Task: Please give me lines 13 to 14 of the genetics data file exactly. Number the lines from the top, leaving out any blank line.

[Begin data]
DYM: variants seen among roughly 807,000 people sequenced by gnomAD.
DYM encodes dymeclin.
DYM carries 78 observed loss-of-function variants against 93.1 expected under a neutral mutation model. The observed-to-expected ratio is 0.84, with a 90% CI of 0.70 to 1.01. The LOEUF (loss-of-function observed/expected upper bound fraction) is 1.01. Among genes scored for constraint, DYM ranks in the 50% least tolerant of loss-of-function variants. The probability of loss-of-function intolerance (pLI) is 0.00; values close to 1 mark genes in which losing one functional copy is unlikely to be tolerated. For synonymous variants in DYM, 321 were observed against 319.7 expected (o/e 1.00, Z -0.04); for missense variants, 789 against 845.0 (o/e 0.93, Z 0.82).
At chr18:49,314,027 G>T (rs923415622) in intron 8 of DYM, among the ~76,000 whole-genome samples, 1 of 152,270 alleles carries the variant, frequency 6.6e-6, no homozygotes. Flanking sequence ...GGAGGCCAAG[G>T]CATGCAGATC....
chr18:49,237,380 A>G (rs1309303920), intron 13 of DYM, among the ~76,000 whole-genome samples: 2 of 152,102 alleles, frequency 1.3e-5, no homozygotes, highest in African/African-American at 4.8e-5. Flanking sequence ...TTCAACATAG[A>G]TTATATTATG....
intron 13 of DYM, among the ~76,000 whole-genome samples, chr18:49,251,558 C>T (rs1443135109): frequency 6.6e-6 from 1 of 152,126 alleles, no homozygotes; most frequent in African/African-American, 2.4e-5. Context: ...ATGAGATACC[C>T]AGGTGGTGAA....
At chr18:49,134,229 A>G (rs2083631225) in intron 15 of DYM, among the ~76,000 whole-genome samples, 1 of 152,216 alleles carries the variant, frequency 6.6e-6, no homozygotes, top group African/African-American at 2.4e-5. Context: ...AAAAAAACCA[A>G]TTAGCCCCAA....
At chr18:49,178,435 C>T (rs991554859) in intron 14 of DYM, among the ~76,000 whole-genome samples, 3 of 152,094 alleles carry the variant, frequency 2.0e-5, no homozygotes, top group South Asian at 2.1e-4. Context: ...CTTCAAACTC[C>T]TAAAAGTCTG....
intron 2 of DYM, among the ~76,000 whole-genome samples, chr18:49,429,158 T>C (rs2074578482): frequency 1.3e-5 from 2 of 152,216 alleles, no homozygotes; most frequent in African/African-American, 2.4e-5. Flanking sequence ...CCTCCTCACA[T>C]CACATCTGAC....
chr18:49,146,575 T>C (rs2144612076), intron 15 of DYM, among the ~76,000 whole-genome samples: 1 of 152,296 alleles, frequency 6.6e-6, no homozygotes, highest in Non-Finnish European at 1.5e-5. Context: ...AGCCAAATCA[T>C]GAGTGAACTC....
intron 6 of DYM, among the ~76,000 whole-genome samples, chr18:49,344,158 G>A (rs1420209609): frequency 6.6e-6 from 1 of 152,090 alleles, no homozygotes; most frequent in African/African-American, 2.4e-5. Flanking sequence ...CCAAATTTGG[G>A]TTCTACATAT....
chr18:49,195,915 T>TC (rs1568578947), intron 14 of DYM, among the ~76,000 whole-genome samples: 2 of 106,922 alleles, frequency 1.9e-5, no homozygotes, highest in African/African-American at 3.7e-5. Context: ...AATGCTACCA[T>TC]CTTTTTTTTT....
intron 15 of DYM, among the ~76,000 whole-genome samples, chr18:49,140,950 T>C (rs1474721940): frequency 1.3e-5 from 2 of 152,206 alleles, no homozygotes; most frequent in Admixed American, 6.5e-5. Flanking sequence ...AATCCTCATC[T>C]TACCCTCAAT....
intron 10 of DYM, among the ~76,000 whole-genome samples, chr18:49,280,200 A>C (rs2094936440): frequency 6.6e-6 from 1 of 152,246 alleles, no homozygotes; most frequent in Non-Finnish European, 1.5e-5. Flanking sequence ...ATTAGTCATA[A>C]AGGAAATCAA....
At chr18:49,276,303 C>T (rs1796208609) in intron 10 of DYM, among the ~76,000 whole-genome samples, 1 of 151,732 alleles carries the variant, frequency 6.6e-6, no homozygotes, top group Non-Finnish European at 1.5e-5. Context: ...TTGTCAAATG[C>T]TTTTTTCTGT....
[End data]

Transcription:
intron 15 of DYM, among the ~76,000 whole-genome samples, chr18:49,140,950 T>C (rs1474721940): frequency 1.3e-5 from 2 of 152,206 alleles, no homozygotes; most frequent in Admixed American, 6.5e-5. Flanking sequence ...AATCCTCATC[T>C]TACCCTCAAT....
intron 10 of DYM, among the ~76,000 whole-genome samples, chr18:49,280,200 A>C (rs2094936440): frequency 6.6e-6 from 1 of 152,246 alleles, no homozygotes; most frequent in Non-Finnish European, 1.5e-5. Flanking sequence ...ATTAGTCATA[A>C]AGGAAATCAA....